Search

Ring of Fraud Series: Pushing back against Corruption in Somalia

By Ashely Halabi | February 16, 2017



In a country where civil unrest has become the norm, the prospect of an authentic election is considered a true milestone. Somalia, which has been in war for decades with most of its population being malnourished and vulnerable, had its first legitimate presidential election last week for the first time in decades. After Western powers announced the elections, many people were hopeful of a new route to peace. Many candidates running for office chose corruption over democracy to capture power regardless of the effects on the nation. But an unexpected result proved that Somalia was still willing to achieve peace regardless of the obstacles.


Somalia has been in a bloody civil war ever since president Mohamed Siad Barre was ousted in 1991. This event led to a disintegrated government and its lasting effects are still apparent today. Clan-based warlords divided the nation thereby allowing terrorist organizations like Al-Shabab to take control of major regions and commit deadly suicide attacks. Since then, none of the successive governments or interim presidents have been able to restore stability and peace in the country.


Following lengthy negotiations between Western powers and UN officials, it was finally decided to hold the elections at the heavily-fortified Aden Abdulle International Airport to be immune from any attack by Al Shabab. Also, Western powers decided to have indirect elections by having members of parliament vote for a president after clans decide on 329 members who are suitable to vote. This is due to the fear that Al Shabab will likely cause trouble if a country-wide election took place. Due to these reasons and many more, the possibility of having a strong government with a monopoly on violence seemed too good to be true. Candidates including the incumbent president were involved in corrupt acts like patronage deals, voter intimidation, and vote buying with some bribes reaching $1.3 million for just one candidate. Citizens were also unable to reject offers of bribery not because of tempting offers, but due to the fear that rejecting an offer would cause the clan to lose the trust in that person and would likely threaten their safety.


Having a corruption-free election seemed unachievable given Somalia’s rank as the most corrupt country in the world. This explains why many people, including Western donors who led this process, weren’t surprised when bribe accusations started to spread. Nevertheless, the Western powers along with millions of displaced Somalis hoped that this election process would be a promising chapter in the country’s dark history. This election was also promising to many Somali women especially when Fadumo Dayib, the first female candidate in the country’s history, decided to run for office. Unfortunately, Dayib decided to pull out of the elections after noticing the amount of corruption that she thought would delegitimize the whole election process.


In an effort to maintain the current Somali regime, large sums of money were allegedly sent from countries like Turkey and the United Arab Emirates. This led everyone to predict that the incumbent president, Hassan Sheikh Mohamud, would stay in power and emerge undefeated from the elections. Members of parliament were accused of selling their votes to the incumbent who used government funds to buy them.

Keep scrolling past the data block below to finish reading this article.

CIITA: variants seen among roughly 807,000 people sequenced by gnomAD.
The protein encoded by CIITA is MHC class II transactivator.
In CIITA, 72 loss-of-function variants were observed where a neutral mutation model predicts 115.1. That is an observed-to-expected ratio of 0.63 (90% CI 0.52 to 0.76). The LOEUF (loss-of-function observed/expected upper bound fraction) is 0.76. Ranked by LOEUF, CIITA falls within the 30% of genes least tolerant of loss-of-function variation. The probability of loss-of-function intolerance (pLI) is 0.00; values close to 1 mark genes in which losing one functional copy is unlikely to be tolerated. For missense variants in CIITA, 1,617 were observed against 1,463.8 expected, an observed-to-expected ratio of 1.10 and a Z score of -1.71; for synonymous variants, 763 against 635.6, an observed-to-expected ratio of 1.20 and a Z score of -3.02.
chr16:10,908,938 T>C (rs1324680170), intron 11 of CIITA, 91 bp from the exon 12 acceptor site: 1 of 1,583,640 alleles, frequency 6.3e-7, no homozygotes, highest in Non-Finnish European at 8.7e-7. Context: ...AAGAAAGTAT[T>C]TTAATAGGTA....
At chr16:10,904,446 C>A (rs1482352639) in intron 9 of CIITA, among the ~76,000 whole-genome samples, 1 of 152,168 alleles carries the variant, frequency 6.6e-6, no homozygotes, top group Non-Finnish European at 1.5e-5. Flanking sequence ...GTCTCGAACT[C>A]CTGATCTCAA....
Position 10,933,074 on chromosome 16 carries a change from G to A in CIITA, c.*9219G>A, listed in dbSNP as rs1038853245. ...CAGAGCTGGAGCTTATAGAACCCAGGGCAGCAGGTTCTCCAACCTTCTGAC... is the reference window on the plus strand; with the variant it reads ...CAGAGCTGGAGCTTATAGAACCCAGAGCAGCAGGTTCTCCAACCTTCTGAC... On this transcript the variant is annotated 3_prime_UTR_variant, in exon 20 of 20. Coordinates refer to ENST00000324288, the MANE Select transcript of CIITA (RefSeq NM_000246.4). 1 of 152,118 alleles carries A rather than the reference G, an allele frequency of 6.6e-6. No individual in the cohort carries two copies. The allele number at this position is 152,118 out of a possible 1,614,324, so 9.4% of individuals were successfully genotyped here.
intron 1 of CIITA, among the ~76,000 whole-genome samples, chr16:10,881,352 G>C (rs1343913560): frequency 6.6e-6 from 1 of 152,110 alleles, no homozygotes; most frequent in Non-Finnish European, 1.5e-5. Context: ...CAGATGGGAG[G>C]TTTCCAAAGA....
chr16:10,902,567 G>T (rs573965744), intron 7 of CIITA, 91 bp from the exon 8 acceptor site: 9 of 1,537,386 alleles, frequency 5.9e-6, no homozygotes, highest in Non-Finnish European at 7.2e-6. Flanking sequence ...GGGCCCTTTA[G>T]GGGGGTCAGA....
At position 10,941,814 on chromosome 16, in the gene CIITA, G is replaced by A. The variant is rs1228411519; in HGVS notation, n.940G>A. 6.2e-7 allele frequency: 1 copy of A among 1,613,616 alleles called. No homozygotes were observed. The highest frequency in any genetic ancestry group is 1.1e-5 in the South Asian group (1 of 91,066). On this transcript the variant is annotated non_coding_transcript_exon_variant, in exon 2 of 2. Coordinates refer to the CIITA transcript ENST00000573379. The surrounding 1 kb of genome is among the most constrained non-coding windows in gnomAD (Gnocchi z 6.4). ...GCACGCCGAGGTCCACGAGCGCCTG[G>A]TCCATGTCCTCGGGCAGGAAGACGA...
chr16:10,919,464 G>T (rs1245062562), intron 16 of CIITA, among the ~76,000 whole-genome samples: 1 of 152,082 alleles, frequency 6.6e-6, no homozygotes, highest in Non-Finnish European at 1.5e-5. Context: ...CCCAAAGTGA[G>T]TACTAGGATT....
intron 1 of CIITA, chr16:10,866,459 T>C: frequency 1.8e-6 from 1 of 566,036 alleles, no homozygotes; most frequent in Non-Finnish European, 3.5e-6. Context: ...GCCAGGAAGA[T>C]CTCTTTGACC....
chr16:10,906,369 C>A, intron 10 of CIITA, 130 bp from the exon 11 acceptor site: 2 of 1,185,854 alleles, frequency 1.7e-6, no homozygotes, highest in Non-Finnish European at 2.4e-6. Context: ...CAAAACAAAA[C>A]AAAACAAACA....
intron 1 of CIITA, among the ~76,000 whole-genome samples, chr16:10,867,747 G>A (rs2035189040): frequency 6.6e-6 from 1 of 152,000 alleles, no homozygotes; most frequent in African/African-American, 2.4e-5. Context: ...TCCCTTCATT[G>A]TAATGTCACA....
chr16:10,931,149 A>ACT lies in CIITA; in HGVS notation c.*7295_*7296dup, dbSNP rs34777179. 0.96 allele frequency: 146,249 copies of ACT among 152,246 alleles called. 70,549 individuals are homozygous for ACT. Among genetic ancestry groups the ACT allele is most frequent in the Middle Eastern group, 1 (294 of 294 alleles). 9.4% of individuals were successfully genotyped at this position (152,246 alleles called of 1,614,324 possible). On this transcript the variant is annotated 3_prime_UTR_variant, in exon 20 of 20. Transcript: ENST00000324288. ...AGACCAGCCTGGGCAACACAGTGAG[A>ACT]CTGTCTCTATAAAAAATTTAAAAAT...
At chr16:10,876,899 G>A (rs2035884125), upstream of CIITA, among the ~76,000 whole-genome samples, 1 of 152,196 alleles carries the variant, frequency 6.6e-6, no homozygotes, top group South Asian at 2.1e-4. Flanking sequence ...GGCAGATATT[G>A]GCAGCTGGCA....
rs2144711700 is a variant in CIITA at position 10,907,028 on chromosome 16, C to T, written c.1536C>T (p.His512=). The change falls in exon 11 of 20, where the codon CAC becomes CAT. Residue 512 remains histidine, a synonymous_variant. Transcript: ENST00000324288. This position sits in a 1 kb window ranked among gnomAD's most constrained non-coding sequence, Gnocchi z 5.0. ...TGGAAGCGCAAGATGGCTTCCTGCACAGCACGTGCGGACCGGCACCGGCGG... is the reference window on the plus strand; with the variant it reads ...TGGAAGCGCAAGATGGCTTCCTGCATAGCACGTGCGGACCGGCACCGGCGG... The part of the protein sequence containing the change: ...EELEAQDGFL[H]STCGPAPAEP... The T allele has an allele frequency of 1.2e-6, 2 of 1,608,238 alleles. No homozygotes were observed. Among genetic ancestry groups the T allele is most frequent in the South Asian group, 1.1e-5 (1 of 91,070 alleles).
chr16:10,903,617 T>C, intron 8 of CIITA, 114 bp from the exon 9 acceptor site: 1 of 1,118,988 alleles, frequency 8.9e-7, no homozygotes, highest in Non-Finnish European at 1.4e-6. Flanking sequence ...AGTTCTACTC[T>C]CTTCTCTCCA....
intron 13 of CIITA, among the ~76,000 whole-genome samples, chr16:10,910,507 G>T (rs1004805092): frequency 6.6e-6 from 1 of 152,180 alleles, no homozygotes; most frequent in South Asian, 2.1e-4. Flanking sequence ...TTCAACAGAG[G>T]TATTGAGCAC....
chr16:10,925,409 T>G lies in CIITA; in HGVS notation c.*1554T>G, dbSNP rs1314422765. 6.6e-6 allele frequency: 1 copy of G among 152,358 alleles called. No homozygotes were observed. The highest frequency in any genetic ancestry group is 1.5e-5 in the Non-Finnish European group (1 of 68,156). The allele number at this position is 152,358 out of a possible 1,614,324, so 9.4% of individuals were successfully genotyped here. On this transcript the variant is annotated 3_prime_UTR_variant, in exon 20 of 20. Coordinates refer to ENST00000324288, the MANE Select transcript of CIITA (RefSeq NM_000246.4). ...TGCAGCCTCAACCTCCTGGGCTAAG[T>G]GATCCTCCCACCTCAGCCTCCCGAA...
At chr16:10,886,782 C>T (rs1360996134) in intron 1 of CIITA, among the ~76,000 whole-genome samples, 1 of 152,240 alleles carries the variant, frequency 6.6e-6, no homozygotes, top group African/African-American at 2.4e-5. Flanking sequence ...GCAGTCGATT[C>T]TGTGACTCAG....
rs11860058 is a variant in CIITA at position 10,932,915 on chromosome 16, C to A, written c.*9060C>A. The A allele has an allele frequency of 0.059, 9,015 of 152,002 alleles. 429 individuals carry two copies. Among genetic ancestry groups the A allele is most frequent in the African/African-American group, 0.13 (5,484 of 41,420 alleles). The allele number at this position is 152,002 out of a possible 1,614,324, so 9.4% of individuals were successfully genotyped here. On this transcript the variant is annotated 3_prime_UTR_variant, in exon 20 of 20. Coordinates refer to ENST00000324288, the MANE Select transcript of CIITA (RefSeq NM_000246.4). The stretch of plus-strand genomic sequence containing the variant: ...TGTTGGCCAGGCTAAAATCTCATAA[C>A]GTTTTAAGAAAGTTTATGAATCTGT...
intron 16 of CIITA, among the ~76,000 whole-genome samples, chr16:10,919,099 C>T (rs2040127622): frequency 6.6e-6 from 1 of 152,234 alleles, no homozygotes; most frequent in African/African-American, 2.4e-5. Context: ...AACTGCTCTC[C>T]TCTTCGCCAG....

To everyone’s surprise, the incumbent lost the second round to U.S.-Somali national and former prime minister Mohamed Abdullahi Mohamad by a margin of 184 to 97 votes. Unlike all other candidates, Mohamed Abdullahi Mohamad, also known as Farmajo, was known for his independence from foreign manipulation and anti-corruption stances. His victory last Wednesday sparked nationwide celebrations due to his popularity and reputation.


Despite the hopeful election result, Somalia’s future still holds a great amount of uncertainty. This concern arises due to external powers that intervene in its politics and the civil wars that continually affect its population. Countries like Ethiopia and Sudan are only some of the countries that have contributed to this intractable conflict. Additionally, many Western donors have been uselessly sending aid to a corrupt and fractured government. Moreover, Somalis are now threatened by a 3rd famine in the span of only 25 years and the number of displaced persons and refugees is on the rise and exacerbated by the constant attacks by the terrorist Al-Shabab group.


Being a widely-respected president, Farmajo should begin the process of overcoming the political vacuum to prevent militants like Al-Shabab from taking over the country. He should opt for a development strategy to empower the citizens and impose a monopoly on violence so that refugees can return to their homes. However, it is still unclear whether he will opt for a confrontational or cooperative strategy with the terrorist organization that has proved to be the biggest threat to the stability of the country.   


Somalia’s elections started off as another futile attempt at restoring a failed state. However, on election day, the country and its frayed population proved to be fed up of war and determined to wage a different war: one against corruption and violence.


Ashley Halabi is a first year MIA student at GPS, and a staff writer for JIPS. Her track is International Politics, where she focuses on human rights issues. Before attending GPS, Ashley was a writer for her university newspaper in Lebanon.

School of Global Policy and Strategy - JIPS Office
UC San Diego, 9500 Gilman Dr.
La Jolla, CA 92093

©2020 by Journal of International Policy Solutions. Proudly created with Wix.com